Having shot several variations of both models (686 and 686+) as well as a Model 586 over the years, it has been my experience that any difference (in terms of pull weight, length of pull, reset, creep or over- travel) discerned between triggers of different revolvers (of which there was little) could not be attributed to the number of holes in the cylinder but rather that which can be expected to occur between firearms that are mass produced with the typical variations attendant from one example to another.
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Old April 11, 2009, 04:01 PM   #7
publius
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I would opt for the 6 shooter just because I'm a tradionalist. I'd probably forget about the 7th shot anyway. just not natural when all your other revolvers are 6 shooters.
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Old April 12, 2009, 03:44 AM   #8
trublu
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Depends what you're looking to do with it.
eg revolver division in IPSC is for 6 shot revolvers.

But if it's for defense, then I like the idea of an extra round which is why I bought a S&W 8 shot revolver
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Old April 12, 2009, 08:35 AM   #9
Hafoc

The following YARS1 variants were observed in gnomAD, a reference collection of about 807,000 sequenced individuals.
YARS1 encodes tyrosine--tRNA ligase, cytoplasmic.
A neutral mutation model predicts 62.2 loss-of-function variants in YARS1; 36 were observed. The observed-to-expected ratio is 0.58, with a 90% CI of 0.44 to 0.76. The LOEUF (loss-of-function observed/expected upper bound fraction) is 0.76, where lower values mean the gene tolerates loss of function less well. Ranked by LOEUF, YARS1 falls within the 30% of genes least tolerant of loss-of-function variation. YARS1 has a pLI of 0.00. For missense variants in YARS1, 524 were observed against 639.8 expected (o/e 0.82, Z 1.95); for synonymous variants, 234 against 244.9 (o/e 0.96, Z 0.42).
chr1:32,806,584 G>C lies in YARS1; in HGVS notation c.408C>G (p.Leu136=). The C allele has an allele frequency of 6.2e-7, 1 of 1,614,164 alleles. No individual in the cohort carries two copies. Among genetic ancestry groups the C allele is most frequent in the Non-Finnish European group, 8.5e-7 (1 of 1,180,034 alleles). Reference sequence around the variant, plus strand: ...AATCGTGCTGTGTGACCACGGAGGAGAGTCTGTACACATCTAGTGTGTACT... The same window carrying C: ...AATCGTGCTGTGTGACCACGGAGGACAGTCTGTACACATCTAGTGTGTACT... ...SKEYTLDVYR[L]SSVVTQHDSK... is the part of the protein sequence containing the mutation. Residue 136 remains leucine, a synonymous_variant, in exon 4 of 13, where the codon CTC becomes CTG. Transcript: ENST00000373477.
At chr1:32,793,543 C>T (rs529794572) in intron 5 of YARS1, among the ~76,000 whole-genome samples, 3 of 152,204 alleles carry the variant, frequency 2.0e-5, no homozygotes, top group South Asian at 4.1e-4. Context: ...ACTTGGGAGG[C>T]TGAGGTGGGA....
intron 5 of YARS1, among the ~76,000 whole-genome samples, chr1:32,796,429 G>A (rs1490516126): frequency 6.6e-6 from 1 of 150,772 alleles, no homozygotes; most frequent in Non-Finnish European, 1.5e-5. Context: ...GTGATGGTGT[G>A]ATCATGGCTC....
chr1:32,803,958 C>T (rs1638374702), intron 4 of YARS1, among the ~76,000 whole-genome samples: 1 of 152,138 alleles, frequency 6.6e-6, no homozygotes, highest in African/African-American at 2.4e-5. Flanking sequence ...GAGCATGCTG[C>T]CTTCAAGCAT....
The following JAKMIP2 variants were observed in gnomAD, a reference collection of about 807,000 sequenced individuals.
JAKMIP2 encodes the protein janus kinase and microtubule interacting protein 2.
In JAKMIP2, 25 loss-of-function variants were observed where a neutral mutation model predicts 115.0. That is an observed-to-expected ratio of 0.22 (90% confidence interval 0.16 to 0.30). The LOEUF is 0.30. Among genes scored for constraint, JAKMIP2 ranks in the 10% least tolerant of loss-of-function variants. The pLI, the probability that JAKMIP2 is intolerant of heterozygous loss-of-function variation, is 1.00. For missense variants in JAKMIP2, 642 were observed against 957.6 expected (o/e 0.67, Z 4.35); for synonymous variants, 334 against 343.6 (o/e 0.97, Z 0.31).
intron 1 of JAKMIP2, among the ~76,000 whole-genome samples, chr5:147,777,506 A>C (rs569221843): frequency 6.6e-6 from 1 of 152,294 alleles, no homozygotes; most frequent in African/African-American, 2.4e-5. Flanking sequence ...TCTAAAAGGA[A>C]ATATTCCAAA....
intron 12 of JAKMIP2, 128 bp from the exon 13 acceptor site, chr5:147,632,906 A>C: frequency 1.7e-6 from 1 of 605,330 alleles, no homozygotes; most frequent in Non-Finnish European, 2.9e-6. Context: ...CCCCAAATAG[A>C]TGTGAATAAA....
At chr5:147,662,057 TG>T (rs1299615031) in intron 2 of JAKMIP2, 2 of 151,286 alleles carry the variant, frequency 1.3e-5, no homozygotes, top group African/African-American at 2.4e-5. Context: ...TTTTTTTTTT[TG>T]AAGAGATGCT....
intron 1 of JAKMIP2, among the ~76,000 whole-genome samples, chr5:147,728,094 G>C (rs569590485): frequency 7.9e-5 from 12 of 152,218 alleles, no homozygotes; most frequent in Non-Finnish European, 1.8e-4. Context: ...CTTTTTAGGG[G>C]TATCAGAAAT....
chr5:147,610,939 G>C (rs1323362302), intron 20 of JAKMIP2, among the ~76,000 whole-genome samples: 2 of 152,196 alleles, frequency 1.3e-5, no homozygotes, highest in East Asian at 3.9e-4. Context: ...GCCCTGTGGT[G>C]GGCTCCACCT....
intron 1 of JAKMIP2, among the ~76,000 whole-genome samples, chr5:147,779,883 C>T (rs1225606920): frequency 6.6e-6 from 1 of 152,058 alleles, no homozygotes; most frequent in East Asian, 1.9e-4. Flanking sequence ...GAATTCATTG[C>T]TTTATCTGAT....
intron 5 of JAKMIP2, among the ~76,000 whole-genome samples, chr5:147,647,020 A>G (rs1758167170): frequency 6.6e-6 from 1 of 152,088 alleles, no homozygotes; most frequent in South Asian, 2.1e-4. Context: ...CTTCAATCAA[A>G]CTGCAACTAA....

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Well, I'm another of those one-gun types you find in online forums by the hundreds. The guy who's going to tell you that whatever he has is the finest gun in the world, because the world's greatest expert (who, he blushes to admit, is of course himself) deigned to buy one.

Seriously, I'm not quite that inexperienced. Have other guns, I have even had other .357s before, it's just that the 686+ is the only .357 I have at the moment. I've had my slightly oddball 686+ (5" half-lug barrel, Ahrends finger-grip stocks, Hi-Viz sight) for several years now. It's a fine revolver. I've never had any problems with it.

As The Guys said, your Smiths with even numbers of shots put the locking slot dead center on the chamber, while the Smiths with odd numbers of shots put the locking slot in the gap between chambers. Since that locking slot on the chamber makes for a weaker spot-- weaker, not necessarily weak-- you might argue that the 7th shot actually makes the chamber stronger. Whether that's true or not, it's strong enough.

I'm not going to tell you it's the finest gun in the world, just that I think it's a fine one and I'm very happy with my own. I would hazard a guess that it's every bit as good as the six-shot version. As for the trauma of enduring that extra bean in the wheel... it is amazing how quickly you get used to it.